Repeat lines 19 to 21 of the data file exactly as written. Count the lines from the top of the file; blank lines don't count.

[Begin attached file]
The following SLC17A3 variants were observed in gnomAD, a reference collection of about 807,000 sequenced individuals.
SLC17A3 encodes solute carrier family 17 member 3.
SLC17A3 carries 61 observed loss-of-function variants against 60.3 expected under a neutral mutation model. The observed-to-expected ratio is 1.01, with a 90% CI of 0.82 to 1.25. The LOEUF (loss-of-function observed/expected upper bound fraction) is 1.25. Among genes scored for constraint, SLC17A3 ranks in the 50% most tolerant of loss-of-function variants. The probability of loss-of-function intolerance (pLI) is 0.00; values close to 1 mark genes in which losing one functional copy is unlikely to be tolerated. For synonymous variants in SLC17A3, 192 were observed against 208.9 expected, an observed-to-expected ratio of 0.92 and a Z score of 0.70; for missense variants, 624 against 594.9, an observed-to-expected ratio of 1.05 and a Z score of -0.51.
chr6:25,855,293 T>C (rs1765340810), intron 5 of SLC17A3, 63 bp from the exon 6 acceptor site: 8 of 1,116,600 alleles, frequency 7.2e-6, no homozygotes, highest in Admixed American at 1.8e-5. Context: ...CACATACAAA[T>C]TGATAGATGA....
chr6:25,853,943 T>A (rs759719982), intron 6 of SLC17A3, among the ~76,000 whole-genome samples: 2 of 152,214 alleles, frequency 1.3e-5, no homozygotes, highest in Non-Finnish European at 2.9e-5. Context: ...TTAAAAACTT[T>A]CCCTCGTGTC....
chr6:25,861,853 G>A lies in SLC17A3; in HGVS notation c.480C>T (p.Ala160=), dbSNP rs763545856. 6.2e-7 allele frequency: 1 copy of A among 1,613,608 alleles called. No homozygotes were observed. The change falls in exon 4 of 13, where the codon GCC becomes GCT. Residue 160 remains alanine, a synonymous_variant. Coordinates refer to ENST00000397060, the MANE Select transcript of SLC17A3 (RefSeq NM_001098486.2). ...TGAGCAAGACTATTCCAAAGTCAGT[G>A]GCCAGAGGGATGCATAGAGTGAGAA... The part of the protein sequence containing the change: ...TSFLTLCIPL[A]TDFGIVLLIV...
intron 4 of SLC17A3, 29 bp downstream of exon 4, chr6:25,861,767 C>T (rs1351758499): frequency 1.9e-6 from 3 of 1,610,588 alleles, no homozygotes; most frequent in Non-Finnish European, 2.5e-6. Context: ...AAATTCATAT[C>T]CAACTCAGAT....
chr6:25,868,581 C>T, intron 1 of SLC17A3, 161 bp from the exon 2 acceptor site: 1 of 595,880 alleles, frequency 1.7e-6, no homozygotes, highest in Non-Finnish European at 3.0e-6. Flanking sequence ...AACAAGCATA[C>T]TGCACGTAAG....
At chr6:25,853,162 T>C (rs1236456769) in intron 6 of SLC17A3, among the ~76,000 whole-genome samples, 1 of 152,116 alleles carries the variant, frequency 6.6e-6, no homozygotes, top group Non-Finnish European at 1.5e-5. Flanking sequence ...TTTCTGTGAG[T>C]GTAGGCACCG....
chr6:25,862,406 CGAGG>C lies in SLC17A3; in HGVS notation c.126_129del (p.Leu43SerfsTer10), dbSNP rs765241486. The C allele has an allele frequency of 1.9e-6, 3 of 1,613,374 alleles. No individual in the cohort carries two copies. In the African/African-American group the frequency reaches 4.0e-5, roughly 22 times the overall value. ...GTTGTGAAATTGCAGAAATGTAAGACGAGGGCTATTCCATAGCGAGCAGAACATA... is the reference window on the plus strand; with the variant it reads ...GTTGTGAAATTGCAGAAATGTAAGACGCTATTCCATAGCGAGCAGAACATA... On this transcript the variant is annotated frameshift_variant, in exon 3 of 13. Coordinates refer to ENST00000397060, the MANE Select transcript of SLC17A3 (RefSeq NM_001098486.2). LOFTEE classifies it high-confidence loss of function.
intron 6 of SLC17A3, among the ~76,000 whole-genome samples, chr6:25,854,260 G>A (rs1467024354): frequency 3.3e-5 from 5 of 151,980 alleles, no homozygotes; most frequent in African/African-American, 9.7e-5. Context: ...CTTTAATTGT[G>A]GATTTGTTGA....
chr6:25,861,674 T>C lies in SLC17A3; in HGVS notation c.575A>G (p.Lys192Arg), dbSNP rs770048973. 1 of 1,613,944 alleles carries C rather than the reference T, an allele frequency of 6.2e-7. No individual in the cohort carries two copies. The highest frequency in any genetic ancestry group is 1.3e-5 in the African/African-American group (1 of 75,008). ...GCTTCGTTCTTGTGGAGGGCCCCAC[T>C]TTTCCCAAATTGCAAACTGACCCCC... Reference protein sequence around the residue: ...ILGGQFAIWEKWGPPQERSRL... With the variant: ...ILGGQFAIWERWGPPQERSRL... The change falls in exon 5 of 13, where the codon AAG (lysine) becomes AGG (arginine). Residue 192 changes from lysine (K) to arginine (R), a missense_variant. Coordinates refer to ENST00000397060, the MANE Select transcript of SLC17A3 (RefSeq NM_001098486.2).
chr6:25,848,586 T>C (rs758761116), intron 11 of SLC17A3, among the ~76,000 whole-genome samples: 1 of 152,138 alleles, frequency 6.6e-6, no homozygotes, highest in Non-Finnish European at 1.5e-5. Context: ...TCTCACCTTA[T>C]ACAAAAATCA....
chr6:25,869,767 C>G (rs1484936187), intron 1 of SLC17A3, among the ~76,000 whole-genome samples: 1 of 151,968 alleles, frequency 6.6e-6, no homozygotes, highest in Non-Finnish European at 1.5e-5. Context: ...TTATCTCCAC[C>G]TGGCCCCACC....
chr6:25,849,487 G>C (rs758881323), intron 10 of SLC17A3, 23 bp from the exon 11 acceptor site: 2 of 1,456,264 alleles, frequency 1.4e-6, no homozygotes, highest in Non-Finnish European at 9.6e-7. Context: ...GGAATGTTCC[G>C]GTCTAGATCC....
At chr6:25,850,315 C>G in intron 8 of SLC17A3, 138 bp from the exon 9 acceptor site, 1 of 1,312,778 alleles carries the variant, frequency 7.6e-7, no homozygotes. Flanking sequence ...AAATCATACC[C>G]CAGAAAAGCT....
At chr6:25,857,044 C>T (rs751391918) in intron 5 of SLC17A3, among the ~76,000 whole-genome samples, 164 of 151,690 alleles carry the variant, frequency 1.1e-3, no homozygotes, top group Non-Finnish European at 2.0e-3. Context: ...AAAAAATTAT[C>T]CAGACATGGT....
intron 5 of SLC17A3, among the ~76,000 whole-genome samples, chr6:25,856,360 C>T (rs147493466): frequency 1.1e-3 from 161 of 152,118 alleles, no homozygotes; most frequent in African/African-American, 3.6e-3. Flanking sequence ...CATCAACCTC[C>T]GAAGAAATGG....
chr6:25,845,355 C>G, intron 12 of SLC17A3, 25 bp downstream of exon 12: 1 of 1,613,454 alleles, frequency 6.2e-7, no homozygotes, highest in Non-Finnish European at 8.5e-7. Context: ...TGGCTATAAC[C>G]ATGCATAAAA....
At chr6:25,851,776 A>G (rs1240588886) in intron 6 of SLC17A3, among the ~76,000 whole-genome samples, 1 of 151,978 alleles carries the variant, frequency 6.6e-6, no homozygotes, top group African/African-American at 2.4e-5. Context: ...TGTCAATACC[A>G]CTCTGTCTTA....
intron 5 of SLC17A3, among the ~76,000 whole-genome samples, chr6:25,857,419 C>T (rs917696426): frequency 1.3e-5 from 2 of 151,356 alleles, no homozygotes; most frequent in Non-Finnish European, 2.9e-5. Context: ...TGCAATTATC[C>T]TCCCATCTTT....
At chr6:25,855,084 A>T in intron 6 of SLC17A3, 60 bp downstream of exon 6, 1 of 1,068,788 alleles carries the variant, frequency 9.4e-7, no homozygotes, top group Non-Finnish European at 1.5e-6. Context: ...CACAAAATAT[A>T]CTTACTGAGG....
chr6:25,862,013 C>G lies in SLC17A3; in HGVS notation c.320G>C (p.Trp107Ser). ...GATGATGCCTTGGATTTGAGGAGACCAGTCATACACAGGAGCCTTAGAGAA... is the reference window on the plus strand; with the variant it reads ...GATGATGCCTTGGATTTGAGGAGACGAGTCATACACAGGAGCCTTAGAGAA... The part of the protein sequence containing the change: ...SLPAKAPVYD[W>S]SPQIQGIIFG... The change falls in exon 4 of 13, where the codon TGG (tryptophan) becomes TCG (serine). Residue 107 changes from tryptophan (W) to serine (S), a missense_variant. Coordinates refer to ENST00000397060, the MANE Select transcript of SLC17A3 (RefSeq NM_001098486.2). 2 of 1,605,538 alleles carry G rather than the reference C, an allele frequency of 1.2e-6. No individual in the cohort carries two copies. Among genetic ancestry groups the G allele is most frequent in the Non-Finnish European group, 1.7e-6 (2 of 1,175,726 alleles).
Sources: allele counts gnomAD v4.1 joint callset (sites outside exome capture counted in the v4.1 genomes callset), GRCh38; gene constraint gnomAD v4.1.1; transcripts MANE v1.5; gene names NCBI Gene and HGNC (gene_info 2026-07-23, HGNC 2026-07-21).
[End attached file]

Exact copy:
chr6:25,845,355 C>G, intron 12 of SLC17A3, 25 bp downstream of exon 12: 1 of 1,613,454 alleles, frequency 6.2e-7, no homozygotes, highest in Non-Finnish European at 8.5e-7. Context: ...TGGCTATAAC[C>G]ATGCATAAAA....
At chr6:25,851,776 A>G (rs1240588886) in intron 6 of SLC17A3, among the ~76,000 whole-genome samples, 1 of 151,978 alleles carries the variant, frequency 6.6e-6, no homozygotes, top group African/African-American at 2.4e-5. Context: ...TGTCAATACC[A>G]CTCTGTCTTA....
intron 5 of SLC17A3, among the ~76,000 whole-genome samples, chr6:25,857,419 C>T (rs917696426): frequency 1.3e-5 from 2 of 151,356 alleles, no homozygotes; most frequent in Non-Finnish European, 2.9e-5. Context: ...TGCAATTATC[C>T]TCCCATCTTT....